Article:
BRUNSWICK COUNTY — Fighting your neighbors over the rights to a steady revenue stream is expensive.
One year after a majority of Brunswick Regional Water and Sewer H2GO’s Board of Commissioners voted to transfer the utility out of political existence, legal fees fighting for H2GO’s $60 million assets are approaching $1 million.
Confused? Catch up on what the case is all about: Leland and Belville’s 30-year rivalry is the key to understanding the complex H2GO case
After the transfer, Leland sued Belville, H2GO is now aligned with Leland as a co-plaintiff, and the case is still tangled up in Brunswick County’s Superior Court.
Of course, except for a small number of people involved in the Nov. 28, 2017 transfer, the three government bodies involved in the case — Leland, Belville and H2GO — did not know, and therefore did not budget, for a costly court battle.
In total, spending on the case will reach approximately $766,301.95 by the end of the year, according to legal fee estimates provided by each party.
Here’s a breakdown of what the case is costing:
Leland is the biggest spender in the case, according to a self-reported estimate and invoice summary provided by town manager, David Hollis.
The town has paid the Atlanta-based law firm Kilpatrick Townsend & Stockton LLP, $293,693.12 since the contested transfer. John Wessell, Leland’s town attorney, has also assisted in the case, billing the town a total of $3,307.50 for transfer-related matters.
In addition, Leland anticipates spending another $50,000 on the case before the new year, bringing the town’s total to an estimated $347,000.62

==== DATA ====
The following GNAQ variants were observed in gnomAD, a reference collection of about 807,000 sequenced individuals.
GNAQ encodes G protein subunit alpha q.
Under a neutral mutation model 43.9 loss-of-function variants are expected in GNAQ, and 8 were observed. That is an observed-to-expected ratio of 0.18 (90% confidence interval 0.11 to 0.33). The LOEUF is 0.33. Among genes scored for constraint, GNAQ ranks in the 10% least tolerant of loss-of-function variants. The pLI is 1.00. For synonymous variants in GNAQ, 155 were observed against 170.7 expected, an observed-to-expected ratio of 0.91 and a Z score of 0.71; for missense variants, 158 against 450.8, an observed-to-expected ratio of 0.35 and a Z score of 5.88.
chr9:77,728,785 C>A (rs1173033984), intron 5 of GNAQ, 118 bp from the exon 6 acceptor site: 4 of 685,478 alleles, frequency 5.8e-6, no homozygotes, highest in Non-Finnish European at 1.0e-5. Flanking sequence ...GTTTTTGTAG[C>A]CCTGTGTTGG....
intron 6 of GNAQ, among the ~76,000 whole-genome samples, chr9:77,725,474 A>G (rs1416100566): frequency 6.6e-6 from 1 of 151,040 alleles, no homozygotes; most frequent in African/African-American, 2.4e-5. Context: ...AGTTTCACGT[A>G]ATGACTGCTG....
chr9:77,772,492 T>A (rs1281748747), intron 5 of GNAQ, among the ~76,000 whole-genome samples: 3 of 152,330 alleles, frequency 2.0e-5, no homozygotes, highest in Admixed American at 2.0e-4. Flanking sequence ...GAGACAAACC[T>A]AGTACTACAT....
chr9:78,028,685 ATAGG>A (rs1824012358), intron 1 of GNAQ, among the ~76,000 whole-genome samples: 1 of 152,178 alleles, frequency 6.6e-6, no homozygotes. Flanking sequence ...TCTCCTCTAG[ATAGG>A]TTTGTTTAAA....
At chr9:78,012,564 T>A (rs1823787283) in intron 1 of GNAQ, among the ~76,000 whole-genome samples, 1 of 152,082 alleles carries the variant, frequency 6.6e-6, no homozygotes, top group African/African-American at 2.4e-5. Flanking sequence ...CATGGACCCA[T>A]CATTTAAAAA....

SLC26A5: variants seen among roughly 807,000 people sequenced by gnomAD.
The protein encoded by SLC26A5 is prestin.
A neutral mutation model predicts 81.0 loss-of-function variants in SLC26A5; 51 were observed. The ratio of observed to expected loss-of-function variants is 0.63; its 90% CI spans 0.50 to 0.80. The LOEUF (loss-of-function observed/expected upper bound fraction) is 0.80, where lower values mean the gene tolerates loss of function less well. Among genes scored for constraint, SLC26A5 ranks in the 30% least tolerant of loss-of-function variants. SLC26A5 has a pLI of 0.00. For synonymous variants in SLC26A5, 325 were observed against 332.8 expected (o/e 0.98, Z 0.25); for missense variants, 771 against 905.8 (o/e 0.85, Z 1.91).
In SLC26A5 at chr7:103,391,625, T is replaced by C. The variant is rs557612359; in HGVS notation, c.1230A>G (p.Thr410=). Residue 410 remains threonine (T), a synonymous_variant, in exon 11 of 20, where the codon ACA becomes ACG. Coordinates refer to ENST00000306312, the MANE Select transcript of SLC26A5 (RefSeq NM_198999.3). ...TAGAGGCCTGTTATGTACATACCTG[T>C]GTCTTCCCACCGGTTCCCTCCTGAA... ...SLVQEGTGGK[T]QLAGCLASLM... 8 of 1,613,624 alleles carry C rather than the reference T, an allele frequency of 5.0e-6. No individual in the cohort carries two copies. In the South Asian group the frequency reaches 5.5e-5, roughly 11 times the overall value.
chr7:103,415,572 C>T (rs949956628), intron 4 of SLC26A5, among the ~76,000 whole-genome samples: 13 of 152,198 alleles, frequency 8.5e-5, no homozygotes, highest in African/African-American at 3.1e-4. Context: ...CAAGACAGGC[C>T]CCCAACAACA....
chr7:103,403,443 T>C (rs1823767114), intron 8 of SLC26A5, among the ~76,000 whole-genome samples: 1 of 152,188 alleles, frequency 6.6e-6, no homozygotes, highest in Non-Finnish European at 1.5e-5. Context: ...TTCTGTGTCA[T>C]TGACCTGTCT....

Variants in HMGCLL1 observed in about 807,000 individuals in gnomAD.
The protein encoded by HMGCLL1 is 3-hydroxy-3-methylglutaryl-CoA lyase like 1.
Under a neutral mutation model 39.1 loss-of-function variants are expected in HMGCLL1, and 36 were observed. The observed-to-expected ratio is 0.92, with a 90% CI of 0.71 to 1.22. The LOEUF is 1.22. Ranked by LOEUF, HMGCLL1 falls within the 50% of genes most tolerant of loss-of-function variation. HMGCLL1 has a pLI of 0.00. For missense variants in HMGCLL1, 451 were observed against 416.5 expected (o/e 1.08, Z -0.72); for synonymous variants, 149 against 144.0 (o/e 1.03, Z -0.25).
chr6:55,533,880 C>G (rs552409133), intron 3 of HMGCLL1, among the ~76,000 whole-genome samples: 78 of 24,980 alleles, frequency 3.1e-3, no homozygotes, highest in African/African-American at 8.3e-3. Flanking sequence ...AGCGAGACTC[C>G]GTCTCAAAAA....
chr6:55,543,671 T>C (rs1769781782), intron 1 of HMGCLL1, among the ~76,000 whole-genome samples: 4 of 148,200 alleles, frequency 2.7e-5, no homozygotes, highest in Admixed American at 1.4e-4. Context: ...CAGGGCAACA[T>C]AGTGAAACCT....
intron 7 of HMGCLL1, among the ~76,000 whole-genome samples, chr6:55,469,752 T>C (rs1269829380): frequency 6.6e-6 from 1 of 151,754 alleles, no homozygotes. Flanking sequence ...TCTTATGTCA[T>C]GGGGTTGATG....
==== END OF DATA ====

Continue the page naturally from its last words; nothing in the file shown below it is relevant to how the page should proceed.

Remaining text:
Brenda Bozeman, Leland’s mayor, said the town is confident the court will rule in favor on all of its claims. “Leland continues to support a regional, lawful solution for clean and affordable water,” she said.
Belville, with a tenth of Leland’s population and about 13 times less revenue, plans to spend $253,500 on the case. That’s nearly three times as much as what the town budgeted in total legal fees for fiscal year 2016-2017.
According to Belville’s town administrator, Athina Williams, the town has already spent $193,500 on litigation costs. These costs are shared, though it’s not clear by exactly how much, by two Wilmington-based firms: Eldridge Law Firm, P.C. and Brooks, Pierce, McLendon, Humphrey & Leonard, LLP. James Eldridge has served as the town’s attorney for 18 years, according to Belville’s mayor, Mike Allen.
In August, mayor Allen said though spending on the case is difficult, he feels it’s important for his town to secure a clean water solution in the reverse osmosis plant. “I told them if we don’t get in this battle, we’re going to have to sit on the sidelines and take whatever is given to us,” he said.
Days after the transfer, H2GO hired Brian Edes of Wilmington-based Crossley, McIntosh, Collier, Hanley & Edes, PLLC to assist with the case.
H2GO passed a budget amendment in January, two months after the transfer, to increase budgeted legal expenses by $150,000.
According to invoice amounts provided by H2GO’s spokesperson, Tyler Wittkofsky, the utility has paid out a total of $79,801.33 in case-related costs to date. A total of three invoices make up this number, with Edes’ last invoice having been issued eight months ago. An additional, estimated $55,000 still needs to be processed, Wittofsky said, for legal services up until Oct. 2018.
H2GO’s counsel, Stephen Coble of Wilmington-based Coble Law Firm, PC, has also participated in discussions and closed session meetings with H2GO’s Board of Commissioners on case-related matters. Though Coble’s case-related services may not be specifically itemized, Wittofksy was able to provide a “very rough” estimate of $31,000 for Coble’s expenses.
That brings the utility’s estimated total to $165,801.33
Last year’s audit for the fiscal year that ended in June, months before the transfer, showed H2GO spent a total of $104,785 on legal fees. The utility’s financial audit covering expenses between July 2017 and June 2018, which would include case-related spending, is not yet available.
When asked whether she was comfortable with the amount of legal spending last year, H2GO Commissioner Trudy Trombley referred to the previous board’s contested maneuver.
“If Belville and the former commissioners had not pulled their little action in November, then none of these attorneys fees would be necessary,” Trombley said.
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